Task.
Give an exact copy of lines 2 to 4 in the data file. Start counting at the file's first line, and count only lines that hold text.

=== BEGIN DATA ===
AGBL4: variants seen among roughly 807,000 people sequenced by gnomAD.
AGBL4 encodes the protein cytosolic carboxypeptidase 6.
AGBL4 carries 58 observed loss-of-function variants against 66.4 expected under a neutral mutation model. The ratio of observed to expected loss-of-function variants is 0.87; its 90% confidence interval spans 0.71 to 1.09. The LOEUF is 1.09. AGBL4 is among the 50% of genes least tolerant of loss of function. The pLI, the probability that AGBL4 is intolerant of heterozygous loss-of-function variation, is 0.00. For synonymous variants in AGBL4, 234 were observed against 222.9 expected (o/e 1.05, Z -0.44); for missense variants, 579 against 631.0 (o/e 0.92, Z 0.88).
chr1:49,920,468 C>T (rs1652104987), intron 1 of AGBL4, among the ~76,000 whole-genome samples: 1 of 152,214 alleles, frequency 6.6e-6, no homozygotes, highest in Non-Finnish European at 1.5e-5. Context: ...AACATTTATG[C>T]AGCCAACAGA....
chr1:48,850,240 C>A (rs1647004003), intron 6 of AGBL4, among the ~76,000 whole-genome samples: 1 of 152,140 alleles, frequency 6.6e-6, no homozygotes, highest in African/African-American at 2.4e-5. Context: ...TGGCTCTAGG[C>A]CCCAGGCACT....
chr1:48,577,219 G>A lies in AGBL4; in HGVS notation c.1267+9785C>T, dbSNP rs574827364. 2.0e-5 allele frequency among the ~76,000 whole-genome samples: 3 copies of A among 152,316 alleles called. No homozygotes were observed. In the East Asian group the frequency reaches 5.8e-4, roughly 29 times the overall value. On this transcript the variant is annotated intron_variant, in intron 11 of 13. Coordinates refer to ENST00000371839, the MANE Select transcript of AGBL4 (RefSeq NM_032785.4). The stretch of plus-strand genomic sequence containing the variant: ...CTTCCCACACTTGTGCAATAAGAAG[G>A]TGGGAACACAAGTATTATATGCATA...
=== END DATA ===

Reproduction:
AGBL4 encodes the protein cytosolic carboxypeptidase 6.
AGBL4 carries 58 observed loss-of-function variants against 66.4 expected under a neutral mutation model. The ratio of observed to expected loss-of-function variants is 0.87; its 90% confidence interval spans 0.71 to 1.09. The LOEUF is 1.09. AGBL4 is among the 50% of genes least tolerant of loss of function. The pLI, the probability that AGBL4 is intolerant of heterozygous loss-of-function variation, is 0.00. For synonymous variants in AGBL4, 234 were observed against 222.9 expected (o/e 1.05, Z -0.44); for missense variants, 579 against 631.0 (o/e 0.92, Z 0.88).
chr1:49,920,468 C>T (rs1652104987), intron 1 of AGBL4, among the ~76,000 whole-genome samples: 1 of 152,214 alleles, frequency 6.6e-6, no homozygotes, highest in Non-Finnish European at 1.5e-5. Context: ...AACATTTATG[C>T]AGCCAACAGA....